Then there was a local tenor ( I have to be careful here!) who had achieved a brief moment of fame on Saturday night TV. He arrived, complete with his Italian accent (fake!), and his copy of Bach/Gounod in some stratospheric key. I started playing and he opened his mouth. My playing clearly wasn't loud enough! "More organ!", he shouted at me, so I gave him a bit more. It still wasn't enough "More organ!" (the accent started to sound a bit Brummie!) - but it still wasn't enough. Eventually he stopped and looked at me "you play loud". So I gave him full swell with the reeds and the box half open. "That's a good", he said, well satisfied. At the end he offered me his autograph, surprisingly I declined!!

 

Perhaps I will write a book - but nobody would believe me!! (to quote or paraphrase, Gordon Reynolds)

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I could write a book about 'visiting' musicians. Sometimes they were good, more often than not they were awful with some interesting experiences in between.

 

There was 'Auntie Gywnedd' who wanted to sing 'di Ave Maria' (usually Bach/Gounod), a chap who was going to play the organ and sing at the same time, various relatives of the bride with varying degrees of incompetance who miss beats out all over the place making Bach/Gounod sound as if it has hiccups!

 

Been there, done that, got the T-shirt! (illegible and ungrammatical MS copy in a key way above the capapilitiews of the vocalist).

 

The scary thing is that no-one seems to notice if it's any good or not, and if they do they're likely to blame the organist!

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I know this is an easy target to hit, but I did want to share a recent experience with the board as it crystallised so many of the problems we seem to face when wishing to be taken seriously as musicians.

 

It is many years since I last played for a wedding. Having given up my full time organist's job and started a family, and having been given the run - around by too many brides over the years, I decided that I valued the time with my family at weekends far more than the fee.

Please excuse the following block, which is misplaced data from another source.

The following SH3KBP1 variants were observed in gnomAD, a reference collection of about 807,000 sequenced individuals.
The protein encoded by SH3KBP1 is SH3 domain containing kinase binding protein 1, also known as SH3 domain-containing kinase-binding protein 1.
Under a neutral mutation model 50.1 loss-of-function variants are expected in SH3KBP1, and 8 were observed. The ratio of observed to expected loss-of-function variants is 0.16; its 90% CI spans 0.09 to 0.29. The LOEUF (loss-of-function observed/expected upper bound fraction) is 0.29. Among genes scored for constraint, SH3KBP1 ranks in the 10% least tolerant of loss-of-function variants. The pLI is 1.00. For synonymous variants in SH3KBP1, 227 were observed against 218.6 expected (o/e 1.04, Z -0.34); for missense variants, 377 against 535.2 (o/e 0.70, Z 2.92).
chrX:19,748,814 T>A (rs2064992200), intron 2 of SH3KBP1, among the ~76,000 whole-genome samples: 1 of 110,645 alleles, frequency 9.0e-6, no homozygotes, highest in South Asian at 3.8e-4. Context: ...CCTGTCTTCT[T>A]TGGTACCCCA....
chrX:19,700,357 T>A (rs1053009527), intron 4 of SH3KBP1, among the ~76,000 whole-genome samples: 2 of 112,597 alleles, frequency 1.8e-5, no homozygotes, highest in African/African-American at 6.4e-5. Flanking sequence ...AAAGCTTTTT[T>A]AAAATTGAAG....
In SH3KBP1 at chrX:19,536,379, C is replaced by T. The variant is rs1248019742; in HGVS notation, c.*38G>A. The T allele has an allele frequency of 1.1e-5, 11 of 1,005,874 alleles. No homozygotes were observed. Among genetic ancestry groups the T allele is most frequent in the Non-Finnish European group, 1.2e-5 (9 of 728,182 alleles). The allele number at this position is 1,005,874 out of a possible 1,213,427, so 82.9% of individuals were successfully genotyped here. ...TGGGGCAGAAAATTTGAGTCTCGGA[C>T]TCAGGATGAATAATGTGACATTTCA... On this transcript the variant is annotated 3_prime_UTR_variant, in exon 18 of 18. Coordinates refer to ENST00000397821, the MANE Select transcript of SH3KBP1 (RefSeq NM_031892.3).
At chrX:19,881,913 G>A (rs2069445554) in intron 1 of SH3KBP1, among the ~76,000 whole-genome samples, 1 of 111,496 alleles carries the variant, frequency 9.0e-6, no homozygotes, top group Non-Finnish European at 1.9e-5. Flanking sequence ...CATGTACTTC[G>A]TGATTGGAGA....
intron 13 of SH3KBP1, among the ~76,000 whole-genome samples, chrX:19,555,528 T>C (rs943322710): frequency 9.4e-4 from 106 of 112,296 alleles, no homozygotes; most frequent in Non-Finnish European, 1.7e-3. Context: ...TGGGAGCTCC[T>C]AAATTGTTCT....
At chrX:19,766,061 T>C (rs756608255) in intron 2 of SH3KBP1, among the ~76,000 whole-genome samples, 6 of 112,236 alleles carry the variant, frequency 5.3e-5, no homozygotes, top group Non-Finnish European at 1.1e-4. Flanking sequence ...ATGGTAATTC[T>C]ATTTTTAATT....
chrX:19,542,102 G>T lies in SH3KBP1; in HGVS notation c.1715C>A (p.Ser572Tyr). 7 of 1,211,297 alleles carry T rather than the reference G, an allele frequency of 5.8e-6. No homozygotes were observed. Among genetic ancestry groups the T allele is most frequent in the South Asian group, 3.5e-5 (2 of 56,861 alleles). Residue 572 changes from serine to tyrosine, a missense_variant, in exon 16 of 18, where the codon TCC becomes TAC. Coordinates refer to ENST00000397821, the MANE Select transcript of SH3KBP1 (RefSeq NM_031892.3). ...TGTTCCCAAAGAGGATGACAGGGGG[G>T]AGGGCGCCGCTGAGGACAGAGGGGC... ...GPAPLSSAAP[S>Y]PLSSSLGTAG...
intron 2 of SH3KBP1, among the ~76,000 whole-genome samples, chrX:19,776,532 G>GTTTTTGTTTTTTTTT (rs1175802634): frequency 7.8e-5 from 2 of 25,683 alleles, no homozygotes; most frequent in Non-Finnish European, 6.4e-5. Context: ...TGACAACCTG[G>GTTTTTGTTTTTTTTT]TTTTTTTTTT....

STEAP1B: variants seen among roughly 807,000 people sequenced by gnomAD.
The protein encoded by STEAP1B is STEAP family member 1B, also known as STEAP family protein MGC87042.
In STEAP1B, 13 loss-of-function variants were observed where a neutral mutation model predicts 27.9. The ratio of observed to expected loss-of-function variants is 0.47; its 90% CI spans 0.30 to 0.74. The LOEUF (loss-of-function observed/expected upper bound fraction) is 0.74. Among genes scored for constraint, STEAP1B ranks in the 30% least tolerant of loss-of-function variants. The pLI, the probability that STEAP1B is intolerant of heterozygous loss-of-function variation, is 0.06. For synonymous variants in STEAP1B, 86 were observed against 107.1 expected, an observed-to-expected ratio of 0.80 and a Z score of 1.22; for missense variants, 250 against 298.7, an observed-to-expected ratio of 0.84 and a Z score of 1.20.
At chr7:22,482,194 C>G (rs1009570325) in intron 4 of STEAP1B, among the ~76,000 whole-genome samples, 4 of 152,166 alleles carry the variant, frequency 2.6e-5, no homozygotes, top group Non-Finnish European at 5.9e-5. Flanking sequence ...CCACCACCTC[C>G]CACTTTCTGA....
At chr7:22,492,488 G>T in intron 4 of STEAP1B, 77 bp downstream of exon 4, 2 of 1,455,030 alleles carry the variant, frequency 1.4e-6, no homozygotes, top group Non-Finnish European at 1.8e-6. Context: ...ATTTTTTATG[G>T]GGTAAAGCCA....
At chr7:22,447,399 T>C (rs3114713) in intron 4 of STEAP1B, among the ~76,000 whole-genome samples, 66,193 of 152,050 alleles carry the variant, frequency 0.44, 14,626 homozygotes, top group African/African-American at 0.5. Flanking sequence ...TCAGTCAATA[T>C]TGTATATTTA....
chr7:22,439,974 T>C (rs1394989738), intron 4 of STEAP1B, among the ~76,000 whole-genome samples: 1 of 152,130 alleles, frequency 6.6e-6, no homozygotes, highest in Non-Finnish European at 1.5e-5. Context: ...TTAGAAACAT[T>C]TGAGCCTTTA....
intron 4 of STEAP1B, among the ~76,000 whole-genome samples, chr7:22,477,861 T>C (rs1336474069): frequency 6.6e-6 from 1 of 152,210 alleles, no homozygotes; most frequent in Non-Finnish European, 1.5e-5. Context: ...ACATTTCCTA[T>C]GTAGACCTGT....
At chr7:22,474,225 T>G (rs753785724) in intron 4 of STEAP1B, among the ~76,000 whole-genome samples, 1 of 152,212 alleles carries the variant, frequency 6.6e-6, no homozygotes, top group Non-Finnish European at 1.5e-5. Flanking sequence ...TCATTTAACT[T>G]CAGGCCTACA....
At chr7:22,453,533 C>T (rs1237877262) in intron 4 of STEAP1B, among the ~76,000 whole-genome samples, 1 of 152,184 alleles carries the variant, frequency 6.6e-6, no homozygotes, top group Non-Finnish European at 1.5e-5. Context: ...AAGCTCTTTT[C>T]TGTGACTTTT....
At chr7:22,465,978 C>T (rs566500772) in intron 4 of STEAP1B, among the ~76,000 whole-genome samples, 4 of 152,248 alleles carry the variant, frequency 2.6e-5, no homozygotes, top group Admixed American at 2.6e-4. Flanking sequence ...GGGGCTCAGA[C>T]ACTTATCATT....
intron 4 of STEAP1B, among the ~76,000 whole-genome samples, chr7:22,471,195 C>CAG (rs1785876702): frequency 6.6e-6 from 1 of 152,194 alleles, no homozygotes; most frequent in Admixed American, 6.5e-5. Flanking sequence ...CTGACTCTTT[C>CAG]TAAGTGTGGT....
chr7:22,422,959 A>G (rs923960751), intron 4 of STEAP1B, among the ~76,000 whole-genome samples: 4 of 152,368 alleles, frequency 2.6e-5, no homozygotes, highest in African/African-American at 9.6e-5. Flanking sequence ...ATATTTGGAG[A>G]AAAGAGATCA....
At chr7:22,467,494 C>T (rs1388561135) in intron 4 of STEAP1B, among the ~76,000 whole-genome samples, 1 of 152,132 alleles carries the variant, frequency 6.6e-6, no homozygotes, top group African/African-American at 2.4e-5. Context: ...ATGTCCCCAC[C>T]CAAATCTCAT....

However, I was recently asked to play for a wedding at my local church. After some consideration I agreed to play. Balancing all the factors I have mentioned above, I asked for a fee which some might find high, but which I regard as a respectable reflection of my professional ability. The bride had no hesitation in agreeing.

 

I was first contacted by the bride 6 months before the wedding and suggested a timetable whereby we worked towards an order of service, with all music being agreed at least 8 weeks before the date. I reserved the right to charge a little more if I had to buy and learn a piece specially.

 

I offered to meet the bride, who lived locally. She never got round to this, although we exchanged ideas regularly by e- mail.

 

I pointed her towards various wedding CDs and sent her internet links for appropriate pieces, none of which she seemed to understand.

 

Eventually, after some gentle suggestion from me that with a week to go we really ought to be finalising the music, she said that she liked a piece called 'Remembered Joy' which she had found. No composer, link or reference was given. After some investigation it turned out that this was a piece of, bluntly, hotel - lift muzak on the site of an American wedding organiser. I explained that if she could have got me the music in time, I would have been prepared to play it but, sadly, I could not guarantee to get the score from America in the 4 working days left to us.

 

Eventually we agreed on fairly standard repertoire.

 

On the day, I started to play introductory music for 20 minutes before the service. The bride eventually arrived 35 minutes late which meant that I was playing for nearly an hour before the service started.

 

The congregation started to drift in with about 10 minutes to go. In many years of playing the organ I have rarely heard a congregation talk so loudly, including numerous mobile phone calls (which continued through the service). The only time they stopped was when I paused between pieces. As soon as I started the next piece, they started to talk again.

 

I played Lord of the Dance and Give me Joy in my Heart (about which much has been written elsewhere on this forum). No - one sang.

 

During the signing of the register, it was announced that the bride's niece would sing a song accompanied on the guitar by her boyfriend. It was also announced that after this, I would play, as requested, Jesu Joy of Man's Desiring. The girl sang nicely, without it being exceptional. The congregation sat in perfect silence, and burst into a storm of applause at the end.

 

The second I started to play Jesu Joy, they all started talking again at the tops of their voices.

 

As I hope you will see from the above, I am not a prima donna either musically or liturgically, and I am more than happy to bring music to people where they are rather than expecting them to fit in with my tastes. However, this service highlighted for me so clearly how as organists in church we are so often not regarded as serious musicians, but at best labourers who, it is assumed, will provide a professional service without for a moment either that musicianship or professionalism being acknowledged.